By: Parimal M. Rohit
SACRAMENTO – Accusing the California Department of Fish and Wildlife (DFW) of illegally drafting regulations that could force fishing lakes, private hatcheries and fish farms out of business, Pacific Legal Foundation urged federal judges to protect recreational anglers and the aquaculture industry from falling victim to “burdensome” and “underground” regulations.
Attorneys on behalf of the state and the California Association for Recreational Fishing presented oral arguments to the Third Appellate District Court Nov. 21; a ruling has not yet been issued.
The appeal filed by attorneys at Pacific Legal Foundation and on behalf of the recreational fishing and aquaculture industries specifically states the DFW’s fish stocking mitigation measures would make it more difficult for recreational anglers and commercial interests to engage in fishing activities.
“The California Department of Fish and Wildlife … violated the law by imposing burdensome regulations without complying with the procedures mandated by the California Administrative Procedure Act. These ‘underground regulations’ significantly injure the aquaculture industry and the public’s opportunity to engage in recreational fishing,” Pacific Legal Foundation attorney Joshua P. Thompson said in the appellate brief.
Specifically, the lawsuit and appeal allege the DFW does not have any authority to enforce mitigation measures and protocols recommended by the agency’s own environmental assessment.
DFW was required to prepare an environmental assessment by a state court after the agency was successfully sued by the Pacific Rivers Council and Center for Biodiversity. The final assessment, issued in 2010, recommended an alternative for recreational fish stocking where certain native species would be protected.
State officials said some protected species would still be threatened even with formal protections in place.
Representing the state in the appellate case is Russell Hildreth, an environmental attorney with the Attorney General’s office in Sacramento.
An opposition brief filed on behalf of the state by Hildreth said the DFW was operating under already existing authority.
“The California Department of Fish and Game … adopted a fish hatchery and stocking environmental impact report (EIR) … [which] included various mitigation measures for the potential impacts for fish stocking activities. The mitigation measures are not regulations, but describe the department’s internal management processes and authority under already existing statutes and regulations,” Hildreth said.
In a statement issued just ahead of oral arguments in November, Pacific Legal Foundation alleged the DFW was devising “a radical new mandate on hatcheries and stocking ponds.”
“Before they could stock or raise any fish, DFW would have to determine there would be no effect on dozens of arbitrarily selected species — including species that are abundant and thriving in California. This process would be so cumbersome and drawn out that it could effectively block many stocking ponds and hatcheries from continuing to operate,” Thompson said.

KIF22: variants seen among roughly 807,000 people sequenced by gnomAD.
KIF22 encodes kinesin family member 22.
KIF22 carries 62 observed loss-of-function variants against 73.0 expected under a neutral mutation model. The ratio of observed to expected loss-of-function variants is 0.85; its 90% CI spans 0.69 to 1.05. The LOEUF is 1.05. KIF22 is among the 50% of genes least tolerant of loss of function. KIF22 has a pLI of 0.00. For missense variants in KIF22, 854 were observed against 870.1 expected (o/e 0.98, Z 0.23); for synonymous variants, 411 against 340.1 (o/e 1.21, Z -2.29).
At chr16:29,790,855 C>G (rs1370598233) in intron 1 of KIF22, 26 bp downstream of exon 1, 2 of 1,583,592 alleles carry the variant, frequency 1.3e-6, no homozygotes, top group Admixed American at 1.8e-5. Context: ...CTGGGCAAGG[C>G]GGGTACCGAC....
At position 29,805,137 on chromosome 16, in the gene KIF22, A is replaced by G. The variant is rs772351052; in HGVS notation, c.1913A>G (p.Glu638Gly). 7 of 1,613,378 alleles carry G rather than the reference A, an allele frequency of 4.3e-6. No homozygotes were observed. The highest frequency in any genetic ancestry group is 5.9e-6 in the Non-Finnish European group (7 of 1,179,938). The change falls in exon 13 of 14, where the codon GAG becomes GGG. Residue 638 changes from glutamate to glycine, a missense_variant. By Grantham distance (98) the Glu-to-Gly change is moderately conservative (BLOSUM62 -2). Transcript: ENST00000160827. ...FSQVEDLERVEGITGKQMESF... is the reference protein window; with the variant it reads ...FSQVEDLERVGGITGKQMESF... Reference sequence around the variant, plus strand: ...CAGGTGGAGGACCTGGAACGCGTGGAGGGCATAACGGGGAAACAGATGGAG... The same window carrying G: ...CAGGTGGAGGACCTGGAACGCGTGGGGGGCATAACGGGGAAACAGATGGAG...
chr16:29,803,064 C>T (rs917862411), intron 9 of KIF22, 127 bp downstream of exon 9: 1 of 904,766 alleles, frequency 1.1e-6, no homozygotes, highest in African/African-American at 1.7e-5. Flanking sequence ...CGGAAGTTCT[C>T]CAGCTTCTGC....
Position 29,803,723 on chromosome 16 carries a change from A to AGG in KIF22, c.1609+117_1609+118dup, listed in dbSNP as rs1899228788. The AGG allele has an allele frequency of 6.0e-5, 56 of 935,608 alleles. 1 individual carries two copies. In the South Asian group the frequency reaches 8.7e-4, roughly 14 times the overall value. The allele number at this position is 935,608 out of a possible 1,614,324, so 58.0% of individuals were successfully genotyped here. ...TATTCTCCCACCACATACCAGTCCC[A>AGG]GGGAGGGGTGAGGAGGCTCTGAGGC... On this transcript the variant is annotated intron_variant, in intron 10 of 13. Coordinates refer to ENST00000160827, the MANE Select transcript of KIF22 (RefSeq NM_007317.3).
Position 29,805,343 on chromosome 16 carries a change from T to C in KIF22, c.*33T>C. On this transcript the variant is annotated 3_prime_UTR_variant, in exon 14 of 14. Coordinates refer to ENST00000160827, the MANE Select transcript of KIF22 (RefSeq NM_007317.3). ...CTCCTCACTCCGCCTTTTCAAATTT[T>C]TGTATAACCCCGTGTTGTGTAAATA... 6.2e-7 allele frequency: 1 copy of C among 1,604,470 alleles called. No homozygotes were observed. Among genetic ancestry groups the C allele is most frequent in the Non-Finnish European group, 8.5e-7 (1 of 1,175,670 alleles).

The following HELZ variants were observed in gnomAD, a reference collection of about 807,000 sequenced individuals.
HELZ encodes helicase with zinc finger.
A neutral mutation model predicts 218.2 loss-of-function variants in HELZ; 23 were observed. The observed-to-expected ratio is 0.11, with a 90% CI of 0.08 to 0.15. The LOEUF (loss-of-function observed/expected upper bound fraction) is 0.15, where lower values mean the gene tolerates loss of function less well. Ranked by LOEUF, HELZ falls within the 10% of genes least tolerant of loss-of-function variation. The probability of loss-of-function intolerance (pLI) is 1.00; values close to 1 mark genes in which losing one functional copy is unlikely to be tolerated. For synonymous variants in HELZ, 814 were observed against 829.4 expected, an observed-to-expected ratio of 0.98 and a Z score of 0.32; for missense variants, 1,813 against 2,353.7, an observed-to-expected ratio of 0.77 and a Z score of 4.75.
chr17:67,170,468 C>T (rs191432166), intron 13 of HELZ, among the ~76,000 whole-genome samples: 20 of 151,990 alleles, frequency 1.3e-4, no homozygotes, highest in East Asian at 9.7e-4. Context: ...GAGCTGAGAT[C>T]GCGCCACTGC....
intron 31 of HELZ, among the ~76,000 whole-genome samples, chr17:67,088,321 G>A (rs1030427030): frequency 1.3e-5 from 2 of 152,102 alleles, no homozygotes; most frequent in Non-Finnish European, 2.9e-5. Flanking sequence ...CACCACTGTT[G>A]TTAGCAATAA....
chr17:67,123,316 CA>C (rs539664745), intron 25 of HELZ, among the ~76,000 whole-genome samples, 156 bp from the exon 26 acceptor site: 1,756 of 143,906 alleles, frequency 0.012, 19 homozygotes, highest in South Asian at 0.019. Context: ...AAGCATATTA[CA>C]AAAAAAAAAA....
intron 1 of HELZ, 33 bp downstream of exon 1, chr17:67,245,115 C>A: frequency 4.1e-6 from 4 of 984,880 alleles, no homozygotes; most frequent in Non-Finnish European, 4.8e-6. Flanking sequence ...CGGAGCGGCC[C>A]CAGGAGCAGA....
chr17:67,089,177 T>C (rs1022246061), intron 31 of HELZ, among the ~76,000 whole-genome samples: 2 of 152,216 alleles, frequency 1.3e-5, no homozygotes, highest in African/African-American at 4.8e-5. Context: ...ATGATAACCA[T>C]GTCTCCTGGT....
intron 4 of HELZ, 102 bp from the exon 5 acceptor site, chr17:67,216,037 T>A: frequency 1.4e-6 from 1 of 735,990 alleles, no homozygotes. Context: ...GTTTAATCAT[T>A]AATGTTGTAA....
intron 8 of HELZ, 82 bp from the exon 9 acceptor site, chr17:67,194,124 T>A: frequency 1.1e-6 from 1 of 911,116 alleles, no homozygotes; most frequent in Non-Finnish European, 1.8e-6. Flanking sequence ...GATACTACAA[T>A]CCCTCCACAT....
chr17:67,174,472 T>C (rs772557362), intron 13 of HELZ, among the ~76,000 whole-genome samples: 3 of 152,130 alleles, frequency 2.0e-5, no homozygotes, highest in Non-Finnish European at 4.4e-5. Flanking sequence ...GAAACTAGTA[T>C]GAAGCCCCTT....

Pacific Legal Foundation also alleged the DFW was engaging in illegal and “underground” regulations by pursuing its policy without public input.
In 2012, Sacramento Superior Court Judge Lloyd G. Connelly sided with the DFW, ruling the agency was not obliged to comply with California’s rulemaking procedures in order for its regulations to be valid.
“The department, as the principal agency with responsibility for managing and conserving California’s diverse fish, wildlife and plant resources, has attended to [its] public policy objectives in approving the Hatchery and Stocking Program, which seeks to address the impacts of stocking department-reared fish and issuing private stocking permits on native, sensitive and legally protected species while continuing the rearing and stocking of fish for recreational use,” Connelly said in his ruling.
Hildreth cited Connelly’s logic in his opposition brief.
“The trial court agreed that long-standing public policy objectives in California include the maintenance of sufficient populations of all species of aquatic organisms and the department is the principal agency with responsibility for managing and conserving California’s diverse fish … resources,” Hildreth said.
Filing its appeal in December 2012, Pacific Legal Foundation said Connelly’s ruling missed the point.
“This case does not concern the department’s authority to protect California’s waters, wildlife or endangered species. Rather, his case only concerns whether the Department followed the proper procedures for exercising that legislatively delegated authority. It has not,” Thompson said in the appellate brief.
In a separate statement, Thompson said the DFW unilaterally moved forward with its mandate.
“The legislature did not request any change at all, let alone radical new mandates that threaten the future of recreational fishing in California. The DFW cooked up these mandates on its own, without seeking public review and comment as the law requires,” Thompson said. “We’re fighting to save recreational fishing in California, from regulators who are out of control.”
Doug Elliott, owner of Santa Ana River Lakes in Anaheim and a member of California Association for Recreational Fishing, said the DFW mandates, if allowed to be in effect, would be “devastating … for any place that stocks fish.”